Saturday afternoon football games always feature an ad for the universities engaged in gridiron combat. These ads usually consist of pictures of happy co-eds frolicking on well trimmed lawns interspersed with shots of students in laboratories or studying at the library. Sometimes, a famous professor is mentioned, sometimes a winning NCAA team, sometimes the great location of the campus.
This past Saturday, however, a national audience tuned into the Notre Dame v. Navy game saw a different ad that focused on adult stem cell research at Notre Dame. In that ad, the voice-over describes the research being conducted using stem cells from zebra fish, which have regenerative properties the cells of a mammal lack. But, within the ad, came this sentence: "As a Catholic University, Notre Dame is committed to cutting edge research that respects the dignity of human life from conception until natural death and does not engage in human embryonic stem cell research."
Last spring, you may recall, all manner of abuse was heaped on Notre Dame, and especially on its President, Father John Jenkins. He was accused of essentially winking at the Church’s teaching on the dignity of human life by inviting the President of the United States to receive an honorary degree and deliver the commencement address. Father Jenkins made clear that the invitation, and the degree, certainly were not intended as an endorsement of the President’s views on abortion or embryonic stem cell research, and at the ceremony itself, with the President sitting next to him, Father Jenkins reiterated the Church’s teaching. A nationally televised audience watched that moment too, an audience that would not have been watching if the graduation speaker had been someone other than the President.
Saturday’s commercial, as well as the work it highlighted, shows the depth of Notre Dame’s commitment to life issues. But, it shows something else too. It shows, in the finest tradition of Christian humanism, that it is not enough to protest. It is not enough to whine or throw up our hands at the ways our culture fails to honor and promote the dignity of human life. People who suffer from degenerative diseases such as Parkinson’s Disease want a cure, not a bumper sticker. Notre Dame, by engaging in this work and telling a nationwide audience of football viewers about, is giving a profound and laudable witness to the Church’s teaching. Will the university’s critics applaud this ad?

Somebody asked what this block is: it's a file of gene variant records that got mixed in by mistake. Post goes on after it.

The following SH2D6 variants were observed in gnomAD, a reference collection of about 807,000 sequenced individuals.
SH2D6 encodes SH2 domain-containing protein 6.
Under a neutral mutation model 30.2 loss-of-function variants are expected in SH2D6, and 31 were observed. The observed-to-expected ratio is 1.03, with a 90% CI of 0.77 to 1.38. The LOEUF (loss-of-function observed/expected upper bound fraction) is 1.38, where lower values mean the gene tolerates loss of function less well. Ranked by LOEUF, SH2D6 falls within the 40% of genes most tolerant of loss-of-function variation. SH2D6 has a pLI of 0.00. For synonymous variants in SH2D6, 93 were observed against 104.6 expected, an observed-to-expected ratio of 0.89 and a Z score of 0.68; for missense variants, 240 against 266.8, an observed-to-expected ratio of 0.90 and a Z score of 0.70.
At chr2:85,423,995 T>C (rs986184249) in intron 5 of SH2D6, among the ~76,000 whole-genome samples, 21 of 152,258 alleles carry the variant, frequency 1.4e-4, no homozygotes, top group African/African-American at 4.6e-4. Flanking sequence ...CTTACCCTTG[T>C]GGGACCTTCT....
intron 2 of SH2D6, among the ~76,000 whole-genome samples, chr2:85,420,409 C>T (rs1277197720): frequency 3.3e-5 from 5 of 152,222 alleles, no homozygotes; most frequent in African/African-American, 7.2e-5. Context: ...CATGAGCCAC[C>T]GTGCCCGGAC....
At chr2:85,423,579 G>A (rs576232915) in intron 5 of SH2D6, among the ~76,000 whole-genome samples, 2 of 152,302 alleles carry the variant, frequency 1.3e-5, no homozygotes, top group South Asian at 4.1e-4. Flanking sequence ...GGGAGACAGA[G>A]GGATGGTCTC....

One of them actually has. Notre Dame law professor Rick Garnett sent me the link to the ad and has written about it at his blog, Mirror of Justice. Garnett also provided the most thoughtful, non-inflammatory criticism of the university’s decision to honor the President. Garnett and I are as likely to disagree as to agree on any given political issue, but he writes from a profound commitment to the Church, a commitment that includes a willingness to engage in civil discussion and thoughtful criticism. He could not be more different from some of the fringe bloggers who uncharitably demean those with whom they disagree. Nor does Garnett indulge a nostalgic Catholic sectarianism. Neither does the University at which he labors.
Notre Dame has done more than witness to the Church’s teaching about the dignity of human life. It has given another example of what Pope Benedict calls the "great et, et." When Catholics confront technological innovations or so-called advances in research that are ethically impermissible, we do not damn technology or scholarship. We engage it and find ethically permissible ways to solve human problems. The tradition of Catholic theology is to avoid "either/or" formulations in favor of "both/and" formulations. This is a profoundly humane instinct. Whatever is authentically human, such as the desire to find cures for horrible diseases, must be embraced and it is the proper, and noble, task of a Catholic University to bring both the light of reason and the light of faith to the search for humane answers and cures.
The Notre Dame football team lost on Saturday, but the University itself won.